Spanish Gothic is another interview with del Toro, this one also from 2010. Here del Toro talks about the gothic look and feel for the film, but not before explaining some of the ideas he originally had for the film. He covers again how the film was originally to take place in Mexico with a mountain region known as the Devilís Backbone as the backdrop (he then had to change the title to refer to a medical condition when he moved it to Spain) and some more ďfairy taleĒ aspects that make it seem like it was going to be closer to Panís Labyrinth. From here he talks about how he took a ďgothic romanceĒ and had it take place during the Spanish Civil War, and then goes over the political elements that appear through the characters in the film. He then talks about its release, which happened after 9/11, and admits commercially it was the wrong time to release the film. Some of this material is mentioned in his commentary but itís actually expanded on here and makes for a rather fascinating 18-minutes.

The Directorís Notebook is a more interactive feature than weíve gotten from Criterion in a long while, calling back to their multimedia essays that appeared on some of their laserdiscs and early DVDs. Put together in 2010, the feature displays a few pages of notes on the film from del Toroís notebook, going fomr the preserved fetuses to the bomb in the courtyard. There are only a few pages you can flip through, using your remote to navigate, but thereís some video sections thrown in here. When you select a ďkeyĒ image a video interview with del Toro pops up, the director going over the content that appears on the page. Itís a short feature in total, with about 9-minutesí worth of video, but an interesting one to go through.

Designing The Devilís Backbone is another new interview recorded for Criterion, with del Toro talking about the design work that went into the film. Carlos Gimenez (whose comic Paracuellos was an influence on the film) did a lot of the design work for the film, from characters to settings, and we see a lot of those drawings here. Though cartoonish in nature you can still see how these designs came out in the finished film. Del Toro also talks about the importance of the costumes and the detail and planning that went into their looks, while also talking about how they put together the photos in the film. Some of this is again covered in the commentary but del Toro goes into far more detail here, making for another intriguing supplement.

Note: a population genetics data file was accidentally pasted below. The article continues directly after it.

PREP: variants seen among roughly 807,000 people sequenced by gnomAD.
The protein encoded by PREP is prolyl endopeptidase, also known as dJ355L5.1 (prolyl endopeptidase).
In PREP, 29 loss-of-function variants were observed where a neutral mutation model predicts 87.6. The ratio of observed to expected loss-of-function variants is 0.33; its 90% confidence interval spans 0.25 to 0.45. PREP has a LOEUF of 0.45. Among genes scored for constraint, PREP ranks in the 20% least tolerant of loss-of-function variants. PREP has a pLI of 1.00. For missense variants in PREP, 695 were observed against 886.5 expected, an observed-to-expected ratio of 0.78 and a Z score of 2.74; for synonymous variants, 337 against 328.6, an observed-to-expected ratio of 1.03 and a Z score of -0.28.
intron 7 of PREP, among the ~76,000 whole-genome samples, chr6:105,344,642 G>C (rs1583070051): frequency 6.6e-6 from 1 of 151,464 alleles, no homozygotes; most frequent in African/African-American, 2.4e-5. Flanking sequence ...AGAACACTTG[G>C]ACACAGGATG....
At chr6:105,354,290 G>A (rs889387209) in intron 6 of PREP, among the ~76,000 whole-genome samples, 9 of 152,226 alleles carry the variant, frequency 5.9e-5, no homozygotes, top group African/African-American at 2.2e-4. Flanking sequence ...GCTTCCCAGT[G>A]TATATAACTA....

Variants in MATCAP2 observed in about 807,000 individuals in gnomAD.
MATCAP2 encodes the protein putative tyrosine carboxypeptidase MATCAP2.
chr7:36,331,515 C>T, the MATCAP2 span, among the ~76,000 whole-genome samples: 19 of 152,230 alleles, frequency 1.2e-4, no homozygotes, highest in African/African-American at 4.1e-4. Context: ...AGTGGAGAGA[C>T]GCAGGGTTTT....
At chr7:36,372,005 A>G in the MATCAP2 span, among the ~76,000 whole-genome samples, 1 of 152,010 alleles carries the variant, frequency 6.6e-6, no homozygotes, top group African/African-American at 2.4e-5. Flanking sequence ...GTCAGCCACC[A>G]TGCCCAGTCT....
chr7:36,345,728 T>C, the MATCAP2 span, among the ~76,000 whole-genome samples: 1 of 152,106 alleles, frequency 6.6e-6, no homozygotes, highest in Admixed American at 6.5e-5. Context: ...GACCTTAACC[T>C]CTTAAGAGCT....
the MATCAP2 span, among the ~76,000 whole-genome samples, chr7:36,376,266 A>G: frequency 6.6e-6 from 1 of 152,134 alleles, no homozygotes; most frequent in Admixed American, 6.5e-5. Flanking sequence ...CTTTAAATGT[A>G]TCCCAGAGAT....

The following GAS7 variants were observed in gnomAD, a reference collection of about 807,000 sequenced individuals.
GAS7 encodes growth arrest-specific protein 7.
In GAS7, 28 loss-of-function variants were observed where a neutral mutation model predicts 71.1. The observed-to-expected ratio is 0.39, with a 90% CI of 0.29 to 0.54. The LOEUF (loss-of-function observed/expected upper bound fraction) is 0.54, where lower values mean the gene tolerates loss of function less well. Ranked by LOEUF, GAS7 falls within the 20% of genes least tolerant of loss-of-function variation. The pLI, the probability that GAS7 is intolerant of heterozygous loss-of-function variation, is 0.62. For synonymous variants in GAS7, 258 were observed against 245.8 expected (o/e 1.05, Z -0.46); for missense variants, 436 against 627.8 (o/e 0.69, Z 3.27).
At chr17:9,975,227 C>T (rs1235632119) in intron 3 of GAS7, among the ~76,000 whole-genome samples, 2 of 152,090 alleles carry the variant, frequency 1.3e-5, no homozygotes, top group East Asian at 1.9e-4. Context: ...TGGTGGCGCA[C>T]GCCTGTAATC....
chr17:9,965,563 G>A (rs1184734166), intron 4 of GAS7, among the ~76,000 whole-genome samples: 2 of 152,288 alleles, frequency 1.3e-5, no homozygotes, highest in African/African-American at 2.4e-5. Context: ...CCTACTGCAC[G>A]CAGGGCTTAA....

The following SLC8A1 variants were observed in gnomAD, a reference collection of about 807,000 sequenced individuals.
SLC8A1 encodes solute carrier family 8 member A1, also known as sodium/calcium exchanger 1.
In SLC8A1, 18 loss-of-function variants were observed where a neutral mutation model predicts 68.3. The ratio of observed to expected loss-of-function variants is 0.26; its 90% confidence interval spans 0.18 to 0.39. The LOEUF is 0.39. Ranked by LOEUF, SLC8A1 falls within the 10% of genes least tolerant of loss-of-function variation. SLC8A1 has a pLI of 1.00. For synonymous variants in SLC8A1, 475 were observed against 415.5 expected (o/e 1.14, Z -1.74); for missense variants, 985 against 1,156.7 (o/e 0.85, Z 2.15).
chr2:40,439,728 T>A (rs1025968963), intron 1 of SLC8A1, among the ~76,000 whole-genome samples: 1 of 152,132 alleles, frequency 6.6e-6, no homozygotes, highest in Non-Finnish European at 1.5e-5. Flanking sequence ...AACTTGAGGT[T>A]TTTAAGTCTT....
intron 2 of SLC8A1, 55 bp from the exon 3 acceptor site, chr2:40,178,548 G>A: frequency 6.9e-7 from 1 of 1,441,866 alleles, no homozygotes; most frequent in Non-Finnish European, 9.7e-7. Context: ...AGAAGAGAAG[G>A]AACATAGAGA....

We then get 4-minutesí worth of deleted scenes, presented here in upscaled standard-definition. There are four scenes in total, each with an optional commentary. Thereís a nice scene featuring Jacinto, but del Toro explains these scenes were all cut either because of pacing, his disappointment with how an attempt at a single-shot scene went, or because he felt a scene ruined a reveal a little later. Thereís nothing wrong with the scenes but the film wouldnít have benefitted with them.

Thereís then a 12-minute feature comparing thumbnails and sketches with respective scenes from the film. Itís a split screen presentation presenting del Toroís thumbnails and the respective sketches that Gimenez made from them on top, while the related scene plays below in a separate window. You can then use the multi-angle button to switch to either the thumbnail or sketch on their own without the related scene playing. The last two scenes are missing the thumbnails. An interesting inclusion, though itís somewhat trumped by the picture-in-picture feature that plays over the film.

To add some context Criterion next includes A War of Values, a 14-minute interview with scholar Sebastian Faber. Here he talks about the Spanish Civil War, explaining the reasons for it (it started after a failed military coup,) how it ended, and then what followed in the country for decades. He talks about some of the elements in the film and how they relate to the war. Although it of course only scrapes the surface of the way, Iím always appreciative when Criterion includes material like this.

The disc then closes with the filmís theatrical trailer and an essay by Mark Kermode, found in the included insert.

Itís a very in-depth collection of supplements, covering every aspect of the film. The material admittedly gets a little repetitive in places, and Iím disappointed at the lack of critical analysis, but itís a very thorough collection, and all worth going through.

8/10

CLOSING

Criterion has gathered some excellent material for this special edition, covering every facet of the filmís production. Combined with a rather stunning audio/video presentation this release comes with a very high recommendation for fans of the film.